Can You Really Induce Your Period?
If you have an upcoming vacation or wedding, wanting to delay your period is not an uncommon wish. However, you may have also wondered whether it's possible to bring your period earlier so you can be done with it. The thought of inducing your period may have also come up if you are concerned about delayed menses.
The internet is chock-full of ideas pertaining to how to do the same, from using pineapples to vitamin C and even having sex.
But is this possible, and if so, what works and which ones are myths? We chatted with experts to find out.
What methods actually work?
According to Kecia Gaither, M.D., board-certified in OB-GYN and maternal-fetal medicine and director of perinatal services/maternal-fetal medicine at NYC Health + Hospitals/Lincoln in the Bronx in New York City, if you are on oral contraceptives, you can get your period to come faster by switching to placebo pills sooner.
"There is no other scientifically noted method to do so," Gaither noted.
Dan Nayot, M.D., an OB-GYN and the chief medical advisor for Bird & Be fertility specialists in Toronto, concurred with Gaither.
"When we talk about periods, we talk about our hormones, and that would require manipulation to bring your periods early," Nayot said. "But in terms of diet, nothing works specifically. You cannot schedule your periods based on food, acupuncture or supplements, only hormones."
The myths and risks
While it might appear to some women that they get their period a day or two earlier than expected after having sex or an orgasm, this would not happen unless they were already due to have a period imminently.
"It has been hypothesized that the uterine contractions that occur with orgasm may expel the tissues lining the uterus, the menstrual blood, immediately following sex," said Julia Arnold VanRooyen, M.D., an OB-GYN in Wayland, Massachusetts. "However, this would not occur at the beginning of a menstrual cycle, for example, in the days immediately after a period."
Basically, it's a matter of timing during the cycle. Orgasms might seem to bring on a period, but only if you were due to have a period in the next day or so anyway.
In addition, pineapples, vitamin C, ginger, cumin and other natural foods are healthy to consume, but there is no scientific evidence that they can bring your period earlier.
As a matter of fact, some natural substances such as emmenagogues—defined in herbal medicine as herbs capable of stimulating the menstrual flow even when it is not due—that have been reported as capable of inducing periods may actually be dangerous if consumed. For instance, tansy, safflower, mugwort, wormwood and yarrow are abortifacients, which means they could induce a miscarriage and/or lead to abortion, according to this 2010 excerpt from Botanical Medicine for Women's Health published in Science Direct.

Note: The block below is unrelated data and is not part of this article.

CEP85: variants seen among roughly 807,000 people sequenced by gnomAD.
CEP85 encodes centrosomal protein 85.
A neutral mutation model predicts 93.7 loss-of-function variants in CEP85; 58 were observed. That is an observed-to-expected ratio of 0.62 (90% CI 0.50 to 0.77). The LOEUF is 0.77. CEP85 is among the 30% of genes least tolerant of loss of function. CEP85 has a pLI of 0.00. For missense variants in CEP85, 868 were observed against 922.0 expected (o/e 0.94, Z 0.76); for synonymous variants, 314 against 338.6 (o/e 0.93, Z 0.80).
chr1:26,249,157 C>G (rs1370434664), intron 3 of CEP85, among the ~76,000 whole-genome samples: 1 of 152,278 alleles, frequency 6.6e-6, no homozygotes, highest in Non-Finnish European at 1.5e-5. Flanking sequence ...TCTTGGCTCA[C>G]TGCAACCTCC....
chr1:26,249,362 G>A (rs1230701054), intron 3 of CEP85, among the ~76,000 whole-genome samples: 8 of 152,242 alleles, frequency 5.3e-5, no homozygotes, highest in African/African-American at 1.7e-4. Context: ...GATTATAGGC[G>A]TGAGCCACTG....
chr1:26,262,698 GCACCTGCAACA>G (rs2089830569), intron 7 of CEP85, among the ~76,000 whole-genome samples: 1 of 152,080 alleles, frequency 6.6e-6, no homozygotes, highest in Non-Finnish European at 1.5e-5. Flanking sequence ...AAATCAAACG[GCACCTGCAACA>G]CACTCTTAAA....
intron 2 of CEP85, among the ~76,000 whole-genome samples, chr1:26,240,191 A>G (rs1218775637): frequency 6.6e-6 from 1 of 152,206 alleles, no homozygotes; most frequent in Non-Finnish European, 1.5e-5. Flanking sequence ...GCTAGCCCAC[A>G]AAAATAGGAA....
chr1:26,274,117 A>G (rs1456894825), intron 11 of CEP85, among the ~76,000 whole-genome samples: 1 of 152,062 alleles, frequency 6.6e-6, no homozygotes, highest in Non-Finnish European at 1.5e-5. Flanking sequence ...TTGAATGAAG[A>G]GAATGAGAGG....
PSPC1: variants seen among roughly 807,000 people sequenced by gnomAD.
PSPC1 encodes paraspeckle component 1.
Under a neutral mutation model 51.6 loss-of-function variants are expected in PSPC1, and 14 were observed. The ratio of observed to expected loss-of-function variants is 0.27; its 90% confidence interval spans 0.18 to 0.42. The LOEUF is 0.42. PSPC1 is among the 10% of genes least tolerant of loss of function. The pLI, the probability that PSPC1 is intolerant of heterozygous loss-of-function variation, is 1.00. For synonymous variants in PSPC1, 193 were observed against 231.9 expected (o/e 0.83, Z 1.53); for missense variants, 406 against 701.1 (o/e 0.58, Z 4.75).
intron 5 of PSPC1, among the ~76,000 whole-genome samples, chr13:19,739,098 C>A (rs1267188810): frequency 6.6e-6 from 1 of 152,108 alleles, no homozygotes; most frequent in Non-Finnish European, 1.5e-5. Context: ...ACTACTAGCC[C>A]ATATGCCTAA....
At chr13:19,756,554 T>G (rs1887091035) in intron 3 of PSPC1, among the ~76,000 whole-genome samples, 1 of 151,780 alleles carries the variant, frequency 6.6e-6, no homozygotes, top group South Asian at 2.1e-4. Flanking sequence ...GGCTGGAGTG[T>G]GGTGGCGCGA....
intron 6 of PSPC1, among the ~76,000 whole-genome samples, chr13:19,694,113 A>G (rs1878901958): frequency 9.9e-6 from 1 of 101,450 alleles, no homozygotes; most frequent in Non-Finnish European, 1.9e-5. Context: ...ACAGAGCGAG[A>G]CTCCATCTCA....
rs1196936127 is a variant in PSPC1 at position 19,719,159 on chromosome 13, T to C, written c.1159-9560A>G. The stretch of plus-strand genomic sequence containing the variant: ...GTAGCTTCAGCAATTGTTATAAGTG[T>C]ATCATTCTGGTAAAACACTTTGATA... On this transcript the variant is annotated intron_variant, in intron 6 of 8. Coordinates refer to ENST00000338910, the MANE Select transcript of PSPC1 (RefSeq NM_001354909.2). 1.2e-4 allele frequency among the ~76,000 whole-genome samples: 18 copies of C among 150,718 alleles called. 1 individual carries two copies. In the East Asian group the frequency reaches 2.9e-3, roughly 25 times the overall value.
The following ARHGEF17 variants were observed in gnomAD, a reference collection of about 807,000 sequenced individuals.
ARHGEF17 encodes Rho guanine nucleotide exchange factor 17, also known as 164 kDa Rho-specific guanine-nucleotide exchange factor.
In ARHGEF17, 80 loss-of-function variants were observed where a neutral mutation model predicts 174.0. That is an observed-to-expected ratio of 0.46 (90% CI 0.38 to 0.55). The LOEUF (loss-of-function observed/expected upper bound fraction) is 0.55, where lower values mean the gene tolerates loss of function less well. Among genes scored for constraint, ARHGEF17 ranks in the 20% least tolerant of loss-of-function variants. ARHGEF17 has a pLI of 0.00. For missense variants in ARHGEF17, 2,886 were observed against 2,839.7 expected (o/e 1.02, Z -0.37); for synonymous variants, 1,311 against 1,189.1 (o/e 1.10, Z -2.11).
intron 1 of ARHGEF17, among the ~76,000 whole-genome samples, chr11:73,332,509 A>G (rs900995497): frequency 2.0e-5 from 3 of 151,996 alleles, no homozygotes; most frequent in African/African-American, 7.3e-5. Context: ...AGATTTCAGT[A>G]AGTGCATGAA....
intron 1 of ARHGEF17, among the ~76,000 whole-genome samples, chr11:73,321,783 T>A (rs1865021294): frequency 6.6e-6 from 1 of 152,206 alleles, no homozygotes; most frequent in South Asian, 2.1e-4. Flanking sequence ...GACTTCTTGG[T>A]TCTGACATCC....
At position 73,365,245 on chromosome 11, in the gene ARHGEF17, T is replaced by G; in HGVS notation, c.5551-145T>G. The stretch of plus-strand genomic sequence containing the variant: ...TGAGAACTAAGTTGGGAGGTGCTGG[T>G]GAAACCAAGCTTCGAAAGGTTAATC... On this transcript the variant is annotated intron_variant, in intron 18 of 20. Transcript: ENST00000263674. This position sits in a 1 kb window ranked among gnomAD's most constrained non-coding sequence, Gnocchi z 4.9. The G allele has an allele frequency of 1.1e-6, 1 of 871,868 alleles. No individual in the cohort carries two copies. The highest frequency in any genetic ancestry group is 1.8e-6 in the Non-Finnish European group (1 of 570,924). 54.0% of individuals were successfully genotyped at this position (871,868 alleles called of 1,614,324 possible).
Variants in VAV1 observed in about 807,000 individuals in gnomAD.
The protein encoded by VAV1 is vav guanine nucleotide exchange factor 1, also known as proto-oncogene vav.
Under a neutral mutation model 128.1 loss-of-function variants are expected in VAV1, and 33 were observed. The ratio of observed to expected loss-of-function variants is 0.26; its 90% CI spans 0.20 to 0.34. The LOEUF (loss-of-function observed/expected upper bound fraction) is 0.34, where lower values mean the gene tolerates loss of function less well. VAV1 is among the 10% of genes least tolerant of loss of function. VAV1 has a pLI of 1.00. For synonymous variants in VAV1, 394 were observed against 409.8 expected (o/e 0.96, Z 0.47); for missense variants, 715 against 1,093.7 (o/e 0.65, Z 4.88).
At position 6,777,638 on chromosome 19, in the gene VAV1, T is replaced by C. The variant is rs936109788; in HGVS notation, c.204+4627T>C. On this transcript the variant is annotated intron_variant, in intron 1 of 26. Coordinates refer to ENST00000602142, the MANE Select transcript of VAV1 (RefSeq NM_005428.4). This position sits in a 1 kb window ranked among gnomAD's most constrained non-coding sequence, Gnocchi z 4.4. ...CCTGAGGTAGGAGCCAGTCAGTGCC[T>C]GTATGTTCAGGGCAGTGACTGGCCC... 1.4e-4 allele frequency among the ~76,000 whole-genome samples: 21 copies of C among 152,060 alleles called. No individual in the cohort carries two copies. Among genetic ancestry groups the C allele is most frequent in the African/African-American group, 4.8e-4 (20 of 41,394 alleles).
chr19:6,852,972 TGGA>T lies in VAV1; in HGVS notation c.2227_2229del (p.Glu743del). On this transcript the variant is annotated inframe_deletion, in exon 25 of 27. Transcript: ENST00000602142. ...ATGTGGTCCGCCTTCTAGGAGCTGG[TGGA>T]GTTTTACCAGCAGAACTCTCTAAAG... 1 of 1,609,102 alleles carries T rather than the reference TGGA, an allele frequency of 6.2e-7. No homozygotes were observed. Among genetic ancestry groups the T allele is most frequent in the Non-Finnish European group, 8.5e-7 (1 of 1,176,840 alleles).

"In sufficient doses to cause an abortion, many of these emmenagogues are toxic and can cause liver and kidney damage," VanRooyen explained. "I would strongly discourage women from using 'natural' methods to self-medicate, especially in the setting of concern for pregnancy."
Many of these natural medicines and herbs have also not been approved for safety and efficacy by the Food and Drug Administration (FDA), and may have rarely been studied scientifically.
When to see a doctor about delayed periods
If a normally occurring menstrual cycle is delayed or missed, it's best to determine the cause of the delay by consulting your OB-GYN rather than finding ways to induce your period.
Some common reasons your period may be delayed include:
- Hormonal contraceptives, such as birth control pills, vaginal rings and the patch
- Eating disorders, such as anorexia
- Polycystic ovary syndrome (PCOS)
- Anovulatory cycles
- Thyroid disorders or other endocrine abnormalities
- Intense exercise
- Primary ovarian insufficiency (early menopause)
"If you have regular cycles and now you missed your period and you're having unprotected sex, you should do a pregnancy test," Nayot said.
However, if pregnancy is not a concern, VanRooyen noted that the general rule is that if amenorrhea (lack of periods) persists for three months, a patient should be evaluated. It's also best to consult your doctor if your previously regular periods have changed to irregular or are marked differently.
The treatments for delayed or absent periods may vary depending on what has caused them.
"For instance, if you have hypothyroidism—low thyroid hormone levels—treatment with appropriate thyroid hormones will likely lead to the resumption of normal menses," VanRooyen explained.
PCOS would require specific medication.
Women in their mid-40s who experience a change in their cycles or absent cycles may be experiencing perimenopausal changes, which usually include irregular periods. In such a case, they may opt to wait longer than three months, as menstrual cycle changes are expected at this time of life.
If you are trying to schedule a period, a tracking app can be a great way to understand your body and the pattern of your period.